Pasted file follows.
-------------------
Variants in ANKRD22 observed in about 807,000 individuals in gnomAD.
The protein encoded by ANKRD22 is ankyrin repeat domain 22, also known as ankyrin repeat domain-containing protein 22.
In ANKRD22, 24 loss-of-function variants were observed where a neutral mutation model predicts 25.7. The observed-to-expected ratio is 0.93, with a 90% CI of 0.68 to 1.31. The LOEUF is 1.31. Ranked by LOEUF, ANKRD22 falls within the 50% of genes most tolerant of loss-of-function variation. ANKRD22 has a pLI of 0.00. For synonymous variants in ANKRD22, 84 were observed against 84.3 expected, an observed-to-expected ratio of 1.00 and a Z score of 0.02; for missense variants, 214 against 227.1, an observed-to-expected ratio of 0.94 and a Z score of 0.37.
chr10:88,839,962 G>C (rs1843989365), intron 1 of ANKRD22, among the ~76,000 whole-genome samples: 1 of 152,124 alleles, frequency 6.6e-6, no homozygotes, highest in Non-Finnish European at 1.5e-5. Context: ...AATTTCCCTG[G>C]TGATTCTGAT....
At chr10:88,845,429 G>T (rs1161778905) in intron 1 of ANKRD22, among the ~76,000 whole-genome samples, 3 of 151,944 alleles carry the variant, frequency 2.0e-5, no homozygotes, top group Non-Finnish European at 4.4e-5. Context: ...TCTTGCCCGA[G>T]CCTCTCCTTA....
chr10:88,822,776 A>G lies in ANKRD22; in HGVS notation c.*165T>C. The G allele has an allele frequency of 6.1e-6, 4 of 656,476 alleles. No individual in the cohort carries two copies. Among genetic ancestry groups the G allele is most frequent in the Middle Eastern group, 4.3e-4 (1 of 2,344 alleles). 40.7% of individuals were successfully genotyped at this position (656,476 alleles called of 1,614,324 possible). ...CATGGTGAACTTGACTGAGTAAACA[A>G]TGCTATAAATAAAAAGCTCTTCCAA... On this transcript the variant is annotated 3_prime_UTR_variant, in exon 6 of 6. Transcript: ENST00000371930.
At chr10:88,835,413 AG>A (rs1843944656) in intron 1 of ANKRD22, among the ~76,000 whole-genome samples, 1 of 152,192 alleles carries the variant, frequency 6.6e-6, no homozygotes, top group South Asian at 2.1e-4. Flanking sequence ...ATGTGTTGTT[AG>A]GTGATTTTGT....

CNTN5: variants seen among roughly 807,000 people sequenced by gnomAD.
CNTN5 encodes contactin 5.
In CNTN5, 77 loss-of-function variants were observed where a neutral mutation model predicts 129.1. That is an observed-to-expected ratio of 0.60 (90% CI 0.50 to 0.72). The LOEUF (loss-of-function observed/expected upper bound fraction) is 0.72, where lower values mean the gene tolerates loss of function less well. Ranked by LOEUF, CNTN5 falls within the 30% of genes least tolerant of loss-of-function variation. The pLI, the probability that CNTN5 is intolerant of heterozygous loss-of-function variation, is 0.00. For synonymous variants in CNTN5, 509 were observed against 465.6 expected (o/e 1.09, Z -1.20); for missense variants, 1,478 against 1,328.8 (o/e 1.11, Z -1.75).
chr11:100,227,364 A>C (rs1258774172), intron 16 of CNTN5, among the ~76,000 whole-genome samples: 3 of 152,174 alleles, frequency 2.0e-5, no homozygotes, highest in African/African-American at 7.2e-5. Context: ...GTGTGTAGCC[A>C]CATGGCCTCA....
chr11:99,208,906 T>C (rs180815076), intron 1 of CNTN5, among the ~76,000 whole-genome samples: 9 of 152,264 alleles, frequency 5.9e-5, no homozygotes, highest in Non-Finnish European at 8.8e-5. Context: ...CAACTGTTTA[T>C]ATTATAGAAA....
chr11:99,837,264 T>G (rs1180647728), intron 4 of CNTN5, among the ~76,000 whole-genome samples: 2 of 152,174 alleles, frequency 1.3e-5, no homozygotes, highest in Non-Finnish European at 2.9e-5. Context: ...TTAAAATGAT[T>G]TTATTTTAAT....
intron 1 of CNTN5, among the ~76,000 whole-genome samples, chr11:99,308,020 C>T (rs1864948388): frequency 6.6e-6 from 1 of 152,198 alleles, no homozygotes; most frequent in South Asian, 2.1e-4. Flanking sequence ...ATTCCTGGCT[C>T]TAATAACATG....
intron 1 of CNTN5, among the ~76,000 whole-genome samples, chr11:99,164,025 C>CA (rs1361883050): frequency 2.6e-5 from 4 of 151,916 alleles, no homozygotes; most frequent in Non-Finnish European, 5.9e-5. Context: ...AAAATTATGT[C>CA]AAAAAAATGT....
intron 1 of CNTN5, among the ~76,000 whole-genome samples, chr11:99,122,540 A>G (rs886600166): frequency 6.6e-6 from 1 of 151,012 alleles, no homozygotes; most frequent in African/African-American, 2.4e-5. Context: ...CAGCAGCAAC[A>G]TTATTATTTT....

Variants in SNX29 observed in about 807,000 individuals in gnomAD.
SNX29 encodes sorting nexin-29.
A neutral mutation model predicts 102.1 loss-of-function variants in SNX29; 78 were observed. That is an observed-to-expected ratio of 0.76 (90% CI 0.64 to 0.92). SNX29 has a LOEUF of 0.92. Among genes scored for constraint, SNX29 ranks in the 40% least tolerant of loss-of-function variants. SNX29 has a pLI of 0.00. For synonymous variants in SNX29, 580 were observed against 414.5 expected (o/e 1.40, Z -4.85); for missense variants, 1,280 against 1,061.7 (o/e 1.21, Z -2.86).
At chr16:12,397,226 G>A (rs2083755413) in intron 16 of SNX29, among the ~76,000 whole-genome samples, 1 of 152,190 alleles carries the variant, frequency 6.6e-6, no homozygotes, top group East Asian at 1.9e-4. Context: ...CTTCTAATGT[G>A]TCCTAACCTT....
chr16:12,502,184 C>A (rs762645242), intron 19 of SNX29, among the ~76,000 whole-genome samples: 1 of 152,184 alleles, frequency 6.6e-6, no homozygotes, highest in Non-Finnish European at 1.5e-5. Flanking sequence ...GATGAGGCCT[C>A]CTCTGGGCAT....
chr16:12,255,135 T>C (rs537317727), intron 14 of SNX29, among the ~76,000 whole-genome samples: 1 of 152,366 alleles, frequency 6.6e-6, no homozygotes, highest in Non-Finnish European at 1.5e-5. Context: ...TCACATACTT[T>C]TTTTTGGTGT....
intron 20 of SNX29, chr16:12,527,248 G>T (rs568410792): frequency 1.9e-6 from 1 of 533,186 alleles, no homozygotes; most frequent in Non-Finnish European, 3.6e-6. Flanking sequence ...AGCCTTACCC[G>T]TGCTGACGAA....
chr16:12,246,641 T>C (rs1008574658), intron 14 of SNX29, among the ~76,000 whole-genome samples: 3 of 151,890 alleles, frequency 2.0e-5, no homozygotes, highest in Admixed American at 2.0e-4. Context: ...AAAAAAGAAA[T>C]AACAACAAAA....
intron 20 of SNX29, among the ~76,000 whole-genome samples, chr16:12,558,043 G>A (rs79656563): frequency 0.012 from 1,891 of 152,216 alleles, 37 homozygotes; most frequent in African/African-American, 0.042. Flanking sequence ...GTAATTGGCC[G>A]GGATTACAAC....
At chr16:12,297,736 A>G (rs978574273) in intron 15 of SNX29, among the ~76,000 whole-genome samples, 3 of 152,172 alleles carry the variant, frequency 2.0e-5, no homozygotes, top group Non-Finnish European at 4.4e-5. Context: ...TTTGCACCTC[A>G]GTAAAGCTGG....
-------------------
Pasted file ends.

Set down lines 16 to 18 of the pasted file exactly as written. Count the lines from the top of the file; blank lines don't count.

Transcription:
intron 1 of CNTN5, among the ~76,000 whole-genome samples, chr11:99,122,540 A>G (rs886600166): frequency 6.6e-6 from 1 of 151,012 alleles, no homozygotes; most frequent in African/African-American, 2.4e-5. Context: ...CAGCAGCAAC[A>G]TTATTATTTT....

Variants in SNX29 observed in about 807,000 individuals in gnomAD.
SNX29 encodes sorting nexin-29.